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Hartford knocks Cavs out of NCAAs in overtime epic

The maddening thing about soccer is that a game - or a season - can be lost with one slip-up. The Virginia women had that axiom driven home painfully Saturday, as they scratched and clawed with Hartford into a third overtime period before bowing out of the NCAA Tournament in the third round with a 3-2 loss at Klöckner Stadium.

With both teams feeling the effects of more than two hours of soccer, Hawk freshman Katharina Lindner bounced the No. 16 Cavaliers (13-9-0) from the tournament with a goal in the 133rd minute.

Lindner converted on an open shot at Virginia goalkeeper Julie Harris after second-year Ashley Meeker, the final line of the Cavalier defense, stumbled as she tried to pivot toward the oncoming attacker.

The Cavs could have staved off the end of their season by coming through in any number of little moments, but the unranked Hawks (18-4-2) left Charlottesville with a win because of Meeker's miscue.

"When you've been around soccer long enough, particularly soccer because it is so difficult to score, you know that in the third or fourth overtime, it's more than likely going to be a mistake that's going to create a chance," Virginia Coach April Heinrichs said. "You can't spend too much time reflecting on a mistake like that."

The Cavs maintained that Meeker shouldered no more blame for the loss than anyone else.

Heinrichs second-guessed her substitution strategy, and fourth-year forward Angela Hucles, who scored the first Cavalier goal in the final game of her illustrious collegiate career, pointed to an easy scoring chance she missed earlier in the third overtime.

"When I saw [the game-winning goal] happening, I was just thinking, 'If they're going to score, let's not have them score on that,'" Hucles said. "I know Meeker's taking it really hard, but it's not decided all on one play; I could've won the game 10 minutes earlier."

Hartford star Danielle Korbmacher, who assisted on Lindner's game-winner, opened the scoring with a goal in the 17th minute. Hucles responded, ricocheting a booming shot off the crossbar and the back of goalkeeper Ingrid Sternhoff from 40 yards out to tie the game at one in the closing minutes of the first half.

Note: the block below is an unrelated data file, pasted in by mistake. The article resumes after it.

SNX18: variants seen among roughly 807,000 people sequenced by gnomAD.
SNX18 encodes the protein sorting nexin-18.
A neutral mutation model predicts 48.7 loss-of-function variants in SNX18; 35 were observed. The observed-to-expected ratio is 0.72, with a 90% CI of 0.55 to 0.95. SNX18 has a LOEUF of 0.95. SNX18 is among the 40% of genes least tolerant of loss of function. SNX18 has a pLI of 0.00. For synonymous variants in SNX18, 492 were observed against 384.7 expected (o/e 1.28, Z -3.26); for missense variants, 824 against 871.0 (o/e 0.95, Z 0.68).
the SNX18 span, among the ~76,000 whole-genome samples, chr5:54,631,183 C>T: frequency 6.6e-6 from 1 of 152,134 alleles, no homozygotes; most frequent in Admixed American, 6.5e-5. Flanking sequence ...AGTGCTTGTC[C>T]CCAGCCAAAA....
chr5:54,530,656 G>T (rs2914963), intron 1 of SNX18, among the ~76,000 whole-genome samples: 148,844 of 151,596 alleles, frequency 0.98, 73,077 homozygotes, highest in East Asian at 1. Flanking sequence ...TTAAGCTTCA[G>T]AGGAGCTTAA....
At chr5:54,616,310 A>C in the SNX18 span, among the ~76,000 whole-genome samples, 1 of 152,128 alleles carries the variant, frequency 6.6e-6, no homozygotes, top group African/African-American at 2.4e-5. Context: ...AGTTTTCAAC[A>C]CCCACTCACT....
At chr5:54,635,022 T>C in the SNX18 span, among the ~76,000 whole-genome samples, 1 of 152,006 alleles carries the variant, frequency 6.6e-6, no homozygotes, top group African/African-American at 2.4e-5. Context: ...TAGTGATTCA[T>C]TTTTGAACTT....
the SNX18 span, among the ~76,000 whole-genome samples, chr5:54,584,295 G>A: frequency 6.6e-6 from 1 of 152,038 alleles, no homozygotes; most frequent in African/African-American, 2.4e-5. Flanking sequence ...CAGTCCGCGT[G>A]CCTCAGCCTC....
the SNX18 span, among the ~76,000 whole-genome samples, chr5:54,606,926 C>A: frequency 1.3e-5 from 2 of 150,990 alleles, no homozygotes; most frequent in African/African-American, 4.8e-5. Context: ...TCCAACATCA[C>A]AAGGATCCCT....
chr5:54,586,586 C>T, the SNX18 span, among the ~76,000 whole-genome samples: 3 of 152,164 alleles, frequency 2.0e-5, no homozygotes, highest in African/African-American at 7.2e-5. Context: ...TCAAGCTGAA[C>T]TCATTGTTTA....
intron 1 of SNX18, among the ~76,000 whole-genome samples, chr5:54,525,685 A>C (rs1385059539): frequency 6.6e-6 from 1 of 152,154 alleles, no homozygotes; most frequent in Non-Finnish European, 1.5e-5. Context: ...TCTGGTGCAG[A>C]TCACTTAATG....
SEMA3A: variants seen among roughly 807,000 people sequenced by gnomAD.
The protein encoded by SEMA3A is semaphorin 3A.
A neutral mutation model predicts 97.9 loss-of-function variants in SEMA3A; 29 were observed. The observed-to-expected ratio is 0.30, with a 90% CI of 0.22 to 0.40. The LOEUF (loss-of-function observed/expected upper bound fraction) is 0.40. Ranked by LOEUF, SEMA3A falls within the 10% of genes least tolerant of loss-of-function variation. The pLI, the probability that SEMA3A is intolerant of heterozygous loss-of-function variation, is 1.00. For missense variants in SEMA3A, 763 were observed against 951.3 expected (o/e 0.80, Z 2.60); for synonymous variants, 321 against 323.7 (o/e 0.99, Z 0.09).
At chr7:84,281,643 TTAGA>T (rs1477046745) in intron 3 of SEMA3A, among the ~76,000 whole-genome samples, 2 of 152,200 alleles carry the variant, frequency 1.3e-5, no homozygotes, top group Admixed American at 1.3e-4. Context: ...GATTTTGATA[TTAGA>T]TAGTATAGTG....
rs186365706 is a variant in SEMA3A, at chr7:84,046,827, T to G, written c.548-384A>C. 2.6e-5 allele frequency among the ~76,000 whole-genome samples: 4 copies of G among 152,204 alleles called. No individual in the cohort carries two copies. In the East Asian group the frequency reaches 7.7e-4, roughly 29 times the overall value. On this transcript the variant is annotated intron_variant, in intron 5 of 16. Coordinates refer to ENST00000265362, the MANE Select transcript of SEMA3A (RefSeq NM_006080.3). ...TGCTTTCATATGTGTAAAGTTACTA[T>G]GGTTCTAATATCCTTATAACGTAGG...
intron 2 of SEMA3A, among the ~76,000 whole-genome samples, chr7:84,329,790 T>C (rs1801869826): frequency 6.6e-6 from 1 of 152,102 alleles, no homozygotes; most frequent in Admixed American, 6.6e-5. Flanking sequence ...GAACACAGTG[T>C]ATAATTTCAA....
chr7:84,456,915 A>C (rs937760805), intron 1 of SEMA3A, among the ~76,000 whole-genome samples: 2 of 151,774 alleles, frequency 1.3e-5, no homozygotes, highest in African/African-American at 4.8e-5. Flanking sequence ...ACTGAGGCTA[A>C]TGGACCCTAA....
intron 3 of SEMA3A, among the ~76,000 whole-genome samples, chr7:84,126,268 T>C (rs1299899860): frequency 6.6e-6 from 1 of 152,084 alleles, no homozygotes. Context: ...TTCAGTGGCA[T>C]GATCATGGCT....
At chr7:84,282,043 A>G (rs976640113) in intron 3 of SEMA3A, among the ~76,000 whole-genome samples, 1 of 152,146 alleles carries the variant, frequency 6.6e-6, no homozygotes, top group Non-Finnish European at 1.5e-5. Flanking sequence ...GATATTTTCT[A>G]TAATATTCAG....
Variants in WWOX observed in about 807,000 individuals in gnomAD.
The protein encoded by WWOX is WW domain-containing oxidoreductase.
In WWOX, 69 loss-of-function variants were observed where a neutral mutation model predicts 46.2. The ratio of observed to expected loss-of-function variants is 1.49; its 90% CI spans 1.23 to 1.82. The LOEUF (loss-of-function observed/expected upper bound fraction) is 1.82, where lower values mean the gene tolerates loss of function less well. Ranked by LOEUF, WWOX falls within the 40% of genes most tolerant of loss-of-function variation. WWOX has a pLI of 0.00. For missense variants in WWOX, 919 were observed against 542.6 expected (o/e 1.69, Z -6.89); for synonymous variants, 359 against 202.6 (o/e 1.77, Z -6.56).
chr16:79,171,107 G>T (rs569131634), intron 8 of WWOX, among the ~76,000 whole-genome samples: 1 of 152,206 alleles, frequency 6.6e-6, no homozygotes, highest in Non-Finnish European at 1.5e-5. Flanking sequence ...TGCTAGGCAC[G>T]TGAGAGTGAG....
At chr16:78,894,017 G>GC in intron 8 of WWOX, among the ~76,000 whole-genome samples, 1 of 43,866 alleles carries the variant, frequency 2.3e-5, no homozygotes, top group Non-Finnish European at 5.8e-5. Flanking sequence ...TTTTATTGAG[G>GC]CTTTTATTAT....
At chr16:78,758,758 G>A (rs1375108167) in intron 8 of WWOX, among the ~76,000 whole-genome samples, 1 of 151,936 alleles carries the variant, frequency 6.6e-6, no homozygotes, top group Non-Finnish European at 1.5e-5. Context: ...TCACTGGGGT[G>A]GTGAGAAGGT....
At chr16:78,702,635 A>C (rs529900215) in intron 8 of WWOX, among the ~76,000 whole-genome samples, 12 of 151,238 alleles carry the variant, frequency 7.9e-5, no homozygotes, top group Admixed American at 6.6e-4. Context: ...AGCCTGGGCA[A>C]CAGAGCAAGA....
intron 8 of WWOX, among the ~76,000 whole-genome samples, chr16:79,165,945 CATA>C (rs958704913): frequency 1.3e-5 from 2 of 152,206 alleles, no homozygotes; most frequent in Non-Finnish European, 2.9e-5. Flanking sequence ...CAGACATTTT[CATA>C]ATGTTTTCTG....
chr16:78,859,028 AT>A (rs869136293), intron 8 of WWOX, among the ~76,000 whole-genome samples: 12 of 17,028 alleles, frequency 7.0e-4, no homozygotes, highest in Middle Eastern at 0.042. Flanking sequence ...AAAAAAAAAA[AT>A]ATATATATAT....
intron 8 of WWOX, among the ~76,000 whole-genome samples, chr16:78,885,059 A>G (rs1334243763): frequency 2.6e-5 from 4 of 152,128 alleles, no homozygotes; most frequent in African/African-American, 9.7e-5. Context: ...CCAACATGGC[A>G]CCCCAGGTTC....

The pace of the game grew increasingly frenetic as the second half progressed, with each team fighting desperately to keep its season alive.

Cavalier second-year Darci Borski took advantage of up-and-down play in the 71st minute, breaking away for an exhilarating scoring run from midfield that pushed the Cavaliers in front by a goal.

But two minutes later, Hartford senior Victoria Munro turned a scrum in front of the Virginia goal into the game-tying score, as the Cavs could not clear the ball out of their defensive third.

An hour later, Lindner crushed the Cavaliers with her game-winning goal. Meeker and many of her teammates crumpled to the ground in shock as the Hawks mobbed their newfound heroine following the close of the match. Yet Heinrichs could see a silver lining in the fact that her players were so devastated by the loss.

"I think last year when the season ended, I might have been the most disappointed person on the field," Heinrichs said. "Today, I think there were quite a few people that were pretty bummed, so to speak. To me, that means it really matters to them."

That level of commitment produced a season the Cavaliers can hold up as a success, even if they finished four wins shy of their ultimate national title goal.

"I'm proud of how our team got better even in the last week of the year," Heinrichs said. "I'm pleased with the brand of soccer we play. I can hold my chin up high as a coach and be proud to coach these young ladies."